News & Events

The latest climate change news from Cornell and beyond.


Arctic vegetation spread could boost climate change

Changes in Arctic vegetation due to climate change have probably been underestimated, according to a new computer analysis which shows that tree and shrub cover in the region will increase more than previously expected, accelerating climate change and possible adverse effects on wildlife.

“Such widespread redistribution of Arctic vegetation would have impacts that reverberate through the global ecosystem,” said Richard Pearson, a research scientist at the American Museum of Natural History’s Center for Biodiversity and Conservation and lead author of the study.

Pearson, working with scientists at Woods Hole Research Center in Malmouth, Mass., called in computer scientists with access to the high-performance computing facilities at Cornell’s Institute for Computational Sustainability (ICS) and AT&T Labs to conduct the analysis. The results appeared March 31 in the journal Nature Climate Change. [Cornell Chronicle 2013-04-09] Read the whole article.

Mahowald Major Contributor to Climate Change Report

Natalie Mahowald, Department of Earth and Atmospheric Sciences, is part of an international scientific effort to assess the current state of climate change as a lead author on the fifth Intergovernmental Panel on Climate Change (IPCC) Assessment Report, due out by 2014. Her group is responsible for the crucial first chapter on the report’s philosophy and new developments in the physical science of climate change. Read more at the Atkinson Center for a Sustainable Future blog.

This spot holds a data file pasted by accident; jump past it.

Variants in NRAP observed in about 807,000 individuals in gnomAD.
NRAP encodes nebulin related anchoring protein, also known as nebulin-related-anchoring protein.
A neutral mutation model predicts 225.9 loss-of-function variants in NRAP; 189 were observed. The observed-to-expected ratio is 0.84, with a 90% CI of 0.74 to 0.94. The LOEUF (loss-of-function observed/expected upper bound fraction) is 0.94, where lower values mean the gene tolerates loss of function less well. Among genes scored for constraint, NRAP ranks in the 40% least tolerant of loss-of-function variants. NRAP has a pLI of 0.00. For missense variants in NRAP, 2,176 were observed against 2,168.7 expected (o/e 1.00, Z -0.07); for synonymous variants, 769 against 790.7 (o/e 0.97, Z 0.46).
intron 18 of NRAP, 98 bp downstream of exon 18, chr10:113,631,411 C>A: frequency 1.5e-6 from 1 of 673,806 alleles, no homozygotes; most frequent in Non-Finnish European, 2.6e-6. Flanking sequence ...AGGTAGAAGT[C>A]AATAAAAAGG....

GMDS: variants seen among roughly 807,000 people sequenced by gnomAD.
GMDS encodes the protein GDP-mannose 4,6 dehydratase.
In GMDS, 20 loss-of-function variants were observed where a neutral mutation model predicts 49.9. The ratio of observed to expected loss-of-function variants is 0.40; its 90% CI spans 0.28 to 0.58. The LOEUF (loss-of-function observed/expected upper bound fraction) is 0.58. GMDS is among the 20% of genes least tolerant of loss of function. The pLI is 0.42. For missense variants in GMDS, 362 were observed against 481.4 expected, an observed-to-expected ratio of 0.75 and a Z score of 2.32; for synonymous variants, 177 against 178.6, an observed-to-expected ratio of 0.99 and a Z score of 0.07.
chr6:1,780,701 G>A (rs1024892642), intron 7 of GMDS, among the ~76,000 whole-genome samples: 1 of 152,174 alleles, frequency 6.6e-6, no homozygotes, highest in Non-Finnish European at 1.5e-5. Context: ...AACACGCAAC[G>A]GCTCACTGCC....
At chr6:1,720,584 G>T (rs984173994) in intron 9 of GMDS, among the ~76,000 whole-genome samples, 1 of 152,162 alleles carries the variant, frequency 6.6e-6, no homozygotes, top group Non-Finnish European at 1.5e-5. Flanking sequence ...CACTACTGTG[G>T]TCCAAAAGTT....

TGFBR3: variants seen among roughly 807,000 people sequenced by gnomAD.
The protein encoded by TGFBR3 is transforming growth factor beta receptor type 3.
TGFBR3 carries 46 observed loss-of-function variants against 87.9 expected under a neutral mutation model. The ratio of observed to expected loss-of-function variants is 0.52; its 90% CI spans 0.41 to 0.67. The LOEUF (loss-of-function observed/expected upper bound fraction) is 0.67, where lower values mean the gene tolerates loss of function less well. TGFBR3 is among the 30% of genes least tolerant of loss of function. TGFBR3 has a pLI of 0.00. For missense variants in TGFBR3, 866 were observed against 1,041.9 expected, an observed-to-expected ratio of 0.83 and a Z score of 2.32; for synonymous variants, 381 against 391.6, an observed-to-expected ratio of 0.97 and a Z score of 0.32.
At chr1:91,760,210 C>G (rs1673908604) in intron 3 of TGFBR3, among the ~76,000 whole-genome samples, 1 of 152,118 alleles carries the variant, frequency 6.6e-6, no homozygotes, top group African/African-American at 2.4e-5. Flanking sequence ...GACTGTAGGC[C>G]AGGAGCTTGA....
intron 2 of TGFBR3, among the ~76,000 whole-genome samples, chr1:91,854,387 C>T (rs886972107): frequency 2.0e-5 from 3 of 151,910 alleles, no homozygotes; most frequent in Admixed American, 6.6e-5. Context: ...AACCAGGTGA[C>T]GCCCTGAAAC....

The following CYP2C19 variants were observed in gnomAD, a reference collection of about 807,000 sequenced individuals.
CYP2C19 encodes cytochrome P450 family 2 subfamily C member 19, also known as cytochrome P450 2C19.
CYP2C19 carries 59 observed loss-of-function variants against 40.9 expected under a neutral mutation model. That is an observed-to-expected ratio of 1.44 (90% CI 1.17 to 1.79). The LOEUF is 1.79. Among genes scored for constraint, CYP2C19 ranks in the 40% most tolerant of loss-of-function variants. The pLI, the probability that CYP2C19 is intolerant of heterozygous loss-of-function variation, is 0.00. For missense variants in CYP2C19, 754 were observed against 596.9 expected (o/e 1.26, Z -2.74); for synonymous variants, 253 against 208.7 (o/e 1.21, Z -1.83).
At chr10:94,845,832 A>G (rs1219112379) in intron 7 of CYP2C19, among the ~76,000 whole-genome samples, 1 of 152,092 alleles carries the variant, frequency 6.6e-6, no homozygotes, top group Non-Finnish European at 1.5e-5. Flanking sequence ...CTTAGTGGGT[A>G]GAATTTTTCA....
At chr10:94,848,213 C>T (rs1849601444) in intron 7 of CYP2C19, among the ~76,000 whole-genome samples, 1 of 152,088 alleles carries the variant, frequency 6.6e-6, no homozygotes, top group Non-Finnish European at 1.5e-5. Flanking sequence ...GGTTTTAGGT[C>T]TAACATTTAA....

Faculty stir up solutions at climate change forum

About 100 professors, graduate students and researchers affiliated with the David R. Atkinson Center for a Sustainable Future gathered March 28 to exchanged ideas about projects and studies in energy, the environment and economic development in the era of climate change. “It was a great array of faculty and graduate students from fields ranging from the physical and natural sciences to economics and the humanities,” said David Wolfe, professor of horticulture and a conference organizer. “The creative energy in the room was almost palpable. I think this is what happens when we hear surprising and mind-opening perspectives from those in very different disciplines. Exciting ideas for future collaboration across these disciplines came forward.” [Cornell Chronicle 2013-04-02] Read the whole article.

Invasive weeds could shed light on climate-coping

While other species are expected to suffer from environmental fluctuations, changes in temperature may help invasive weeds expand their ranges. [Cornell Chronicle 2013-03-13] Read the whole article.

Iscol Lecture April 22: Peter Kareiva, Chief Scientist, The Nature Conservancy

“Overcoming Dogma and Prophecies of Doom to Save Nature,” April 22, 5 p.m. Also, interdisciplinary roundtable discussion, “Promises, Possibilities, and Perils of ‘New’ Conservation” April 23, 3:30 p.m. Panelists: Prof. Sunny Power (EEB and STS); Prof. Sara Pritchard (STS); Prof. Aaron Sachs (HIST); and Andy Zepp, Executive Director, Finger Lakes Land Trust. Facilitator: Prof. Drew Harvell (EEB) More info.

Climate Smart & Climate Ready Conference April 18-21

April 18-21, Ithaca and Cortland. A major regional conference on making our communities more climate friendly and climate resilient. More info.

Free screening April 8: ‘Chasing Ice’ with photographer James Balog

The Atkinson Forum in American Studies & Cornell Cinema present a free screening of Chasing Ice with National Geographic Photographer & Founder of the Extreme Ice Survey, James Balog, April 8 at 7:30pm. More info.